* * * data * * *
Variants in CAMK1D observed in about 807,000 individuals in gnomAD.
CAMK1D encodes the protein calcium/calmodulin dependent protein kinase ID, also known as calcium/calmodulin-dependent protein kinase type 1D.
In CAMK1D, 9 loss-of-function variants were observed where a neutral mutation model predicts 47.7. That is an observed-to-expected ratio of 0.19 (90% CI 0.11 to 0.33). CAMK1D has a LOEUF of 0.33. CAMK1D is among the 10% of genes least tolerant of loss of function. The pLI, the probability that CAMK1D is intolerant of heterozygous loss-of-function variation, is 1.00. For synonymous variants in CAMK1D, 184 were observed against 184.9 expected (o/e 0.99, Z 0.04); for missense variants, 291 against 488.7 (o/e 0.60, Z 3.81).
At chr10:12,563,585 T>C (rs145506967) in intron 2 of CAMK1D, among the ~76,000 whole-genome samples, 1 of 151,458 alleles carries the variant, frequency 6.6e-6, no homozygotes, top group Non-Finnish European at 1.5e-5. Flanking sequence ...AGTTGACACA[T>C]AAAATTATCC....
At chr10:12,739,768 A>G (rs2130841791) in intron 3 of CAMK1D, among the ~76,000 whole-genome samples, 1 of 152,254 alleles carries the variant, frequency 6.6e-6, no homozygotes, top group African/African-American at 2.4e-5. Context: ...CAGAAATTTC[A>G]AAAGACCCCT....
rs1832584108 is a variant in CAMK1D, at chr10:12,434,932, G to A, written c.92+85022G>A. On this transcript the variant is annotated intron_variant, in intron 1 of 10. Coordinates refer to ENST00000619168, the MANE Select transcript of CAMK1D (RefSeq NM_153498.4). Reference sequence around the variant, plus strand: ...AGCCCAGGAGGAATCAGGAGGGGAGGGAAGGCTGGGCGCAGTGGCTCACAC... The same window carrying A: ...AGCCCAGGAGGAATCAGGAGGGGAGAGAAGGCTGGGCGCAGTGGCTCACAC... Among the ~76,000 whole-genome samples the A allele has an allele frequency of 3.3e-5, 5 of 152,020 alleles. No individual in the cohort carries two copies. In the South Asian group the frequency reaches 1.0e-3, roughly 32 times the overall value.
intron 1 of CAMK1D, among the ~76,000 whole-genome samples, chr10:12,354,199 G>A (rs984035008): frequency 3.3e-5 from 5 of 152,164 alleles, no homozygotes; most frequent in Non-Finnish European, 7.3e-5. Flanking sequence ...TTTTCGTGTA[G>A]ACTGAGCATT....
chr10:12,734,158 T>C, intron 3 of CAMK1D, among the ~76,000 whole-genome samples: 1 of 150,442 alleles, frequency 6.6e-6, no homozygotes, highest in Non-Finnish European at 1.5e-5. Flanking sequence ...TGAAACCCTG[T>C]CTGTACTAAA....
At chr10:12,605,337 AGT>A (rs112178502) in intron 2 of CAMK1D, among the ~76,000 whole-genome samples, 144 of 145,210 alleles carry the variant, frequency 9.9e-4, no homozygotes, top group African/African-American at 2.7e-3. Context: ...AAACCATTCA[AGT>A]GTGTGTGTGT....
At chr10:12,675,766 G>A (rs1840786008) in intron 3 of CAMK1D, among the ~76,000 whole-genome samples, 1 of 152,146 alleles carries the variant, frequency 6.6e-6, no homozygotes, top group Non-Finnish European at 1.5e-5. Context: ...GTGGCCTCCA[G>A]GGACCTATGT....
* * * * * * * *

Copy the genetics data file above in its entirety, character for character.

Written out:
Variants in CAMK1D observed in about 807,000 individuals in gnomAD.
CAMK1D encodes the protein calcium/calmodulin dependent protein kinase ID, also known as calcium/calmodulin-dependent protein kinase type 1D.
In CAMK1D, 9 loss-of-function variants were observed where a neutral mutation model predicts 47.7. That is an observed-to-expected ratio of 0.19 (90% CI 0.11 to 0.33). CAMK1D has a LOEUF of 0.33. CAMK1D is among the 10% of genes least tolerant of loss of function. The pLI, the probability that CAMK1D is intolerant of heterozygous loss-of-function variation, is 1.00. For synonymous variants in CAMK1D, 184 were observed against 184.9 expected (o/e 0.99, Z 0.04); for missense variants, 291 against 488.7 (o/e 0.60, Z 3.81).
At chr10:12,563,585 T>C (rs145506967) in intron 2 of CAMK1D, among the ~76,000 whole-genome samples, 1 of 151,458 alleles carries the variant, frequency 6.6e-6, no homozygotes, top group Non-Finnish European at 1.5e-5. Flanking sequence ...AGTTGACACA[T>C]AAAATTATCC....
At chr10:12,739,768 A>G (rs2130841791) in intron 3 of CAMK1D, among the ~76,000 whole-genome samples, 1 of 152,254 alleles carries the variant, frequency 6.6e-6, no homozygotes, top group African/African-American at 2.4e-5. Context: ...CAGAAATTTC[A>G]AAAGACCCCT....
rs1832584108 is a variant in CAMK1D, at chr10:12,434,932, G to A, written c.92+85022G>A. On this transcript the variant is annotated intron_variant, in intron 1 of 10. Coordinates refer to ENST00000619168, the MANE Select transcript of CAMK1D (RefSeq NM_153498.4). Reference sequence around the variant, plus strand: ...AGCCCAGGAGGAATCAGGAGGGGAGGGAAGGCTGGGCGCAGTGGCTCACAC... The same window carrying A: ...AGCCCAGGAGGAATCAGGAGGGGAGAGAAGGCTGGGCGCAGTGGCTCACAC... Among the ~76,000 whole-genome samples the A allele has an allele frequency of 3.3e-5, 5 of 152,020 alleles. No individual in the cohort carries two copies. In the South Asian group the frequency reaches 1.0e-3, roughly 32 times the overall value.
intron 1 of CAMK1D, among the ~76,000 whole-genome samples, chr10:12,354,199 G>A (rs984035008): frequency 3.3e-5 from 5 of 152,164 alleles, no homozygotes; most frequent in Non-Finnish European, 7.3e-5. Flanking sequence ...TTTTCGTGTA[G>A]ACTGAGCATT....
chr10:12,734,158 T>C, intron 3 of CAMK1D, among the ~76,000 whole-genome samples: 1 of 150,442 alleles, frequency 6.6e-6, no homozygotes, highest in Non-Finnish European at 1.5e-5. Flanking sequence ...TGAAACCCTG[T>C]CTGTACTAAA....
At chr10:12,605,337 AGT>A (rs112178502) in intron 2 of CAMK1D, among the ~76,000 whole-genome samples, 144 of 145,210 alleles carry the variant, frequency 9.9e-4, no homozygotes, top group African/African-American at 2.7e-3. Context: ...AAACCATTCA[AGT>A]GTGTGTGTGT....
At chr10:12,675,766 G>A (rs1840786008) in intron 3 of CAMK1D, among the ~76,000 whole-genome samples, 1 of 152,146 alleles carries the variant, frequency 6.6e-6, no homozygotes, top group Non-Finnish European at 1.5e-5. Context: ...GTGGCCTCCA[G>A]GGACCTATGT....